Through a service called Aereo, live broadcast television is available on computers in some areas. Many consumers welcome the option, but broadcasters — alleging copyright infringement —
U.S. Supreme Court Justice Sonia Sotomayor presided over a re-enactment of Flood v. Kuhn, the 1972 decision that re-affirmed the court's much criticized position that pro baseball was exempt from ant
The Benedictine monks of St. Joseph Abbey in southern Louisiana make and sell wooden caskets to support their monastery. State regulators are not happy about it, though, because they say the monks ne
Justice David Souter retired from the U.S. Supreme Court in 2009 but has not stopped being a judge
The U.S. Supreme Courts landmark D.C. v. Heller declared an individual right to possess a firearm at home, but left open the question of gun rights in public. The high court could be asked to w
Thirty-two years ago this month, one day after John Lennon was killed, the Senate confirmed Stephen Breyer to serve on the U.S. Court of Appeals for the First Circuit. Looking back, this 1980 vote on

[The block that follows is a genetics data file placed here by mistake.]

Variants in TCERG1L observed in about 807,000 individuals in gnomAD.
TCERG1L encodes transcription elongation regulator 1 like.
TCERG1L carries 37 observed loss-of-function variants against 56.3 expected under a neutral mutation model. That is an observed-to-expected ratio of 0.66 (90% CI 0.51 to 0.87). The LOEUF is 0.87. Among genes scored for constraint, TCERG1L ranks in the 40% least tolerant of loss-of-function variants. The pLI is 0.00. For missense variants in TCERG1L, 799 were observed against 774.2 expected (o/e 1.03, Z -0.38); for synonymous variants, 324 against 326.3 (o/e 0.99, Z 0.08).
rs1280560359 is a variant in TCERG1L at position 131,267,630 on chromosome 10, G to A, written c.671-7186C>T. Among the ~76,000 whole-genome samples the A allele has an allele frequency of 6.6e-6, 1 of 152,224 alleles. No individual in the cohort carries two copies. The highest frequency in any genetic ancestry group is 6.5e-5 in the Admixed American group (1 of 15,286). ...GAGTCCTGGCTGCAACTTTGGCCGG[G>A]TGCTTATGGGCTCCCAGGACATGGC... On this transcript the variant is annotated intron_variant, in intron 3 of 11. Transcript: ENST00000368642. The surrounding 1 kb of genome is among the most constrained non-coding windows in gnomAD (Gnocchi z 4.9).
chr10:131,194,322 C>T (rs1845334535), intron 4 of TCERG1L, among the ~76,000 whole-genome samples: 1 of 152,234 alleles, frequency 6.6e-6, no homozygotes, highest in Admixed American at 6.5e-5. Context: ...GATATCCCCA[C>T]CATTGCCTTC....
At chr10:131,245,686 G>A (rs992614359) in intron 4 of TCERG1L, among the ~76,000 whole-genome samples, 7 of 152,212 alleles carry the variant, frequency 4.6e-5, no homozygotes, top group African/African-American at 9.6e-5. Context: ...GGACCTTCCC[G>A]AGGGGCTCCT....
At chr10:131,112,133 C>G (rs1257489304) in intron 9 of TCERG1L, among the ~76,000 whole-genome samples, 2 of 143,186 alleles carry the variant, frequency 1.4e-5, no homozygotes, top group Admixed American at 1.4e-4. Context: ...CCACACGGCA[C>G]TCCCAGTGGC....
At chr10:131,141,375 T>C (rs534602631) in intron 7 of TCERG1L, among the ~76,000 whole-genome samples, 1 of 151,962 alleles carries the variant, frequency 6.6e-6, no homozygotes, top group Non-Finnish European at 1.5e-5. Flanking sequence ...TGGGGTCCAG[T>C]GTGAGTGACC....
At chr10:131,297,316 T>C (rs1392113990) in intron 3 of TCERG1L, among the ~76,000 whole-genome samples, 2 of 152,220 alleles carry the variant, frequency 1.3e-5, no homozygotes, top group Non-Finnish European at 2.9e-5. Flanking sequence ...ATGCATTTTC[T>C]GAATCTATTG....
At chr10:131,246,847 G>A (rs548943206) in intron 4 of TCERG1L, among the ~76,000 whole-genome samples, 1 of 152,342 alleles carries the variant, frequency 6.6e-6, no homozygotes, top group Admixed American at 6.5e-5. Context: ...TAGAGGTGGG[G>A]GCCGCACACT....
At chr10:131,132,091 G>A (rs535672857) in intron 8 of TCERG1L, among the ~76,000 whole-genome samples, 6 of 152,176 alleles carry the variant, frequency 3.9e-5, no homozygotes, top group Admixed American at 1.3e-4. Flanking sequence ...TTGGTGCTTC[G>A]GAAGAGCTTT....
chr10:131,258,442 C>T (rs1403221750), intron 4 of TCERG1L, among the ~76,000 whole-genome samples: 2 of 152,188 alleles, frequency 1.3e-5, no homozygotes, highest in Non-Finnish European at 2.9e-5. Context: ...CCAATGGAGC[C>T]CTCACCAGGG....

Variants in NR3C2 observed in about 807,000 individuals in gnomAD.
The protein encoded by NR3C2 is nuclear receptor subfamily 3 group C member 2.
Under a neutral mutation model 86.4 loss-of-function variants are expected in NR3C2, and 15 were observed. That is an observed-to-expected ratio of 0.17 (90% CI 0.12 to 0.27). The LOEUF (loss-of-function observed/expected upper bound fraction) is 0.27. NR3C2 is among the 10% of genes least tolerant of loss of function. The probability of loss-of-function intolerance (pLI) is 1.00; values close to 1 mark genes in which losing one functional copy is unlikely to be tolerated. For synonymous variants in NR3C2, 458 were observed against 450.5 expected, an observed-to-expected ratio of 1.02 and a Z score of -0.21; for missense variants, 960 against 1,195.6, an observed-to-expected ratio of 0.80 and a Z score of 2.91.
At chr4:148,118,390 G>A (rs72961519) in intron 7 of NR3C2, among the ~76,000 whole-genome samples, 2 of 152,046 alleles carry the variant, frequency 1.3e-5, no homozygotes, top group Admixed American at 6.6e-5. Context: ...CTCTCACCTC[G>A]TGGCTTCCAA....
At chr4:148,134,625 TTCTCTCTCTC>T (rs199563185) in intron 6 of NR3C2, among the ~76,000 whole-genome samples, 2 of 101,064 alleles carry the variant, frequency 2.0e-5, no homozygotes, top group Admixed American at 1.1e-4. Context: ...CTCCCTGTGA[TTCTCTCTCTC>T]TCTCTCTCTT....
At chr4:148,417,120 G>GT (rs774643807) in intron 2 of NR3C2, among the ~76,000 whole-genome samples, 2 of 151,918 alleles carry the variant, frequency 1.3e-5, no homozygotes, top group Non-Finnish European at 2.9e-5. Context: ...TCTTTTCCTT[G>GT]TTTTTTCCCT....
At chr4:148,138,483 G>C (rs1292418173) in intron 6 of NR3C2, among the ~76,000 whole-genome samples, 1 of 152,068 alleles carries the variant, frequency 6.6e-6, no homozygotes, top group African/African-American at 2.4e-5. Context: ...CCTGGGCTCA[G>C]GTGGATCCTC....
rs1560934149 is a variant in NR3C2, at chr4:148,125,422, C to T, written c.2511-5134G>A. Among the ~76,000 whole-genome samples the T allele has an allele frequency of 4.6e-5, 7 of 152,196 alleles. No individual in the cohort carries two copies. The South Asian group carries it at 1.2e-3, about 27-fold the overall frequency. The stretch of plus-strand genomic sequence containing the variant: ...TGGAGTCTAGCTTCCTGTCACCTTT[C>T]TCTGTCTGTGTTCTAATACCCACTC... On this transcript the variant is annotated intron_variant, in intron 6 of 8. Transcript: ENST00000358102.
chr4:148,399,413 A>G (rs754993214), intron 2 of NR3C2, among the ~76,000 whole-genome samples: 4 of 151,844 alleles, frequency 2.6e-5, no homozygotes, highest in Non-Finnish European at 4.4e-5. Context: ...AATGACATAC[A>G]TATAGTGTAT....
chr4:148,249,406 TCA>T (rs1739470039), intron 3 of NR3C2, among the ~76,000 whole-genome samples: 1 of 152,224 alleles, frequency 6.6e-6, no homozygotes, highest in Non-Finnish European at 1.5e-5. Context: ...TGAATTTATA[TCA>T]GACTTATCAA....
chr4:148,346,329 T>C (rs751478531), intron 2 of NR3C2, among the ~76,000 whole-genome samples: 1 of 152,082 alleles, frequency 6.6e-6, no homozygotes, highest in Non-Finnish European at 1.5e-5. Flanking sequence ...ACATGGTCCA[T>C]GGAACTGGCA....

Federal appellate courts are split over press access to polling places. The Pittsburgh Post-Gazette, the largest newspaper in Western Pennsylvania, recently lost a challenge to access restrictions in
Paul Cassell, a former federal judge, represents child pornography victims in a series of federal appellate cases. In October alone, Cassell notched a win and a loss in two circuit courts and argued
When the United States seizes and later returns a person's money, the question arises: who should get the interest earned while it was in the hands of the government
Federal appellate courts are split over whether money sanctions issued against an attorney can be reduced when he or she cannot afford to pay. The question has also split conservative and liberal tho
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